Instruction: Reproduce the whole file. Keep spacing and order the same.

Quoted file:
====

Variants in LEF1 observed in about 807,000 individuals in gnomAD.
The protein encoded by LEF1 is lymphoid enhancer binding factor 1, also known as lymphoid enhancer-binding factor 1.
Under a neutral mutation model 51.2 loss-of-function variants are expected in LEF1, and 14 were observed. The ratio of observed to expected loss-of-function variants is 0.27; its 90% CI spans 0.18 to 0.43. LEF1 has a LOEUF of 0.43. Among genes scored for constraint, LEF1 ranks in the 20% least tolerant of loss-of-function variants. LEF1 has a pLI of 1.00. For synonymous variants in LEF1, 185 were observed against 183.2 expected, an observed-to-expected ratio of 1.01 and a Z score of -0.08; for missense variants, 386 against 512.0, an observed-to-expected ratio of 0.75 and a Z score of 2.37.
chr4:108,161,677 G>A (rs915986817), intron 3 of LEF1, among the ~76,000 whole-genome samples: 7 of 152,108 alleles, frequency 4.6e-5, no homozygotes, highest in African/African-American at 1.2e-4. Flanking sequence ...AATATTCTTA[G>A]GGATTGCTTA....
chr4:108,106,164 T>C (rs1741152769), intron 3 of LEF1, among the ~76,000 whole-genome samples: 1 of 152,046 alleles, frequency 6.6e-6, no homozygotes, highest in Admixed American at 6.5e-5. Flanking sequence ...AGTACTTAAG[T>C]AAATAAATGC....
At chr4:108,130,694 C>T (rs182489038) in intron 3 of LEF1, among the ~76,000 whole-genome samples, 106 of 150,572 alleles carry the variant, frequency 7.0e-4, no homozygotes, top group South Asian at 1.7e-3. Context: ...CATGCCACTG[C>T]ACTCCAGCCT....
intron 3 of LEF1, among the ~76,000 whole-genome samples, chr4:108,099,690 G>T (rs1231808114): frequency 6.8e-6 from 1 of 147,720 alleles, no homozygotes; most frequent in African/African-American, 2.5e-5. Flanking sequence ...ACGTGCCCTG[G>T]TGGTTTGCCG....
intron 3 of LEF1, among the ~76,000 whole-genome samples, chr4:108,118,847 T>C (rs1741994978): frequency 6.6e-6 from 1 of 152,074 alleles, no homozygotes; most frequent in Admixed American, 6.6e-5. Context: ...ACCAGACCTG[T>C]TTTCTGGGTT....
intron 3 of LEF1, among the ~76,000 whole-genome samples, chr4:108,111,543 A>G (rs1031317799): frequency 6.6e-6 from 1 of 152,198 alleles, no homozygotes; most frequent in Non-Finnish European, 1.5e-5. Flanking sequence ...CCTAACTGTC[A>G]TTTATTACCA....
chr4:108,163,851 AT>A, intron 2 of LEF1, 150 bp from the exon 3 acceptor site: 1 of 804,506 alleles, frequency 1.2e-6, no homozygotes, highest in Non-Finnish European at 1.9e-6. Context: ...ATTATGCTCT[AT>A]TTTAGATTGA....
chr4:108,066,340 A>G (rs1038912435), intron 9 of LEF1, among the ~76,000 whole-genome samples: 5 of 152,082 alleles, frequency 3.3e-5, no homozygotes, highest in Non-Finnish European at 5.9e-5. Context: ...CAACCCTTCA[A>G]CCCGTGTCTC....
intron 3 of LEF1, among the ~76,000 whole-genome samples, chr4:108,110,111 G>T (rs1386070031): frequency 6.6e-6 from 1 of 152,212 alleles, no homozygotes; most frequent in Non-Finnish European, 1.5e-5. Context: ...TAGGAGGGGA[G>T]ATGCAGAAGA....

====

Variants in LEF1 observed in about 807,000 individuals in gnomAD.
The protein encoded by LEF1 is lymphoid enhancer binding factor 1, also known as lymphoid enhancer-binding factor 1.
Under a neutral mutation model 51.2 loss-of-function variants are expected in LEF1, and 14 were observed. The ratio of observed to expected loss-of-function variants is 0.27; its 90% CI spans 0.18 to 0.43. LEF1 has a LOEUF of 0.43. Among genes scored for constraint, LEF1 ranks in the 20% least tolerant of loss-of-function variants. LEF1 has a pLI of 1.00. For synonymous variants in LEF1, 185 were observed against 183.2 expected, an observed-to-expected ratio of 1.01 and a Z score of -0.08; for missense variants, 386 against 512.0, an observed-to-expected ratio of 0.75 and a Z score of 2.37.
chr4:108,161,677 G>A (rs915986817), intron 3 of LEF1, among the ~76,000 whole-genome samples: 7 of 152,108 alleles, frequency 4.6e-5, no homozygotes, highest in African/African-American at 1.2e-4. Flanking sequence ...AATATTCTTA[G>A]GGATTGCTTA....
chr4:108,106,164 T>C (rs1741152769), intron 3 of LEF1, among the ~76,000 whole-genome samples: 1 of 152,046 alleles, frequency 6.6e-6, no homozygotes, highest in Admixed American at 6.5e-5. Flanking sequence ...AGTACTTAAG[T>C]AAATAAATGC....
At chr4:108,130,694 C>T (rs182489038) in intron 3 of LEF1, among the ~76,000 whole-genome samples, 106 of 150,572 alleles carry the variant, frequency 7.0e-4, no homozygotes, top group South Asian at 1.7e-3. Context: ...CATGCCACTG[C>T]ACTCCAGCCT....
intron 3 of LEF1, among the ~76,000 whole-genome samples, chr4:108,099,690 G>T (rs1231808114): frequency 6.8e-6 from 1 of 147,720 alleles, no homozygotes; most frequent in African/African-American, 2.5e-5. Flanking sequence ...ACGTGCCCTG[G>T]TGGTTTGCCG....
intron 3 of LEF1, among the ~76,000 whole-genome samples, chr4:108,118,847 T>C (rs1741994978): frequency 6.6e-6 from 1 of 152,074 alleles, no homozygotes; most frequent in Admixed American, 6.6e-5. Context: ...ACCAGACCTG[T>C]TTTCTGGGTT....
intron 3 of LEF1, among the ~76,000 whole-genome samples, chr4:108,111,543 A>G (rs1031317799): frequency 6.6e-6 from 1 of 152,198 alleles, no homozygotes; most frequent in Non-Finnish European, 1.5e-5. Flanking sequence ...CCTAACTGTC[A>G]TTTATTACCA....
chr4:108,163,851 AT>A, intron 2 of LEF1, 150 bp from the exon 3 acceptor site: 1 of 804,506 alleles, frequency 1.2e-6, no homozygotes, highest in Non-Finnish European at 1.9e-6. Context: ...ATTATGCTCT[AT>A]TTTAGATTGA....
chr4:108,066,340 A>G (rs1038912435), intron 9 of LEF1, among the ~76,000 whole-genome samples: 5 of 152,082 alleles, frequency 3.3e-5, no homozygotes, highest in Non-Finnish European at 5.9e-5. Context: ...CAACCCTTCA[A>G]CCCGTGTCTC....
intron 3 of LEF1, among the ~76,000 whole-genome samples, chr4:108,110,111 G>T (rs1386070031): frequency 6.6e-6 from 1 of 152,212 alleles, no homozygotes; most frequent in Non-Finnish European, 1.5e-5. Context: ...TAGGAGGGGA[G>T]ATGCAGAAGA....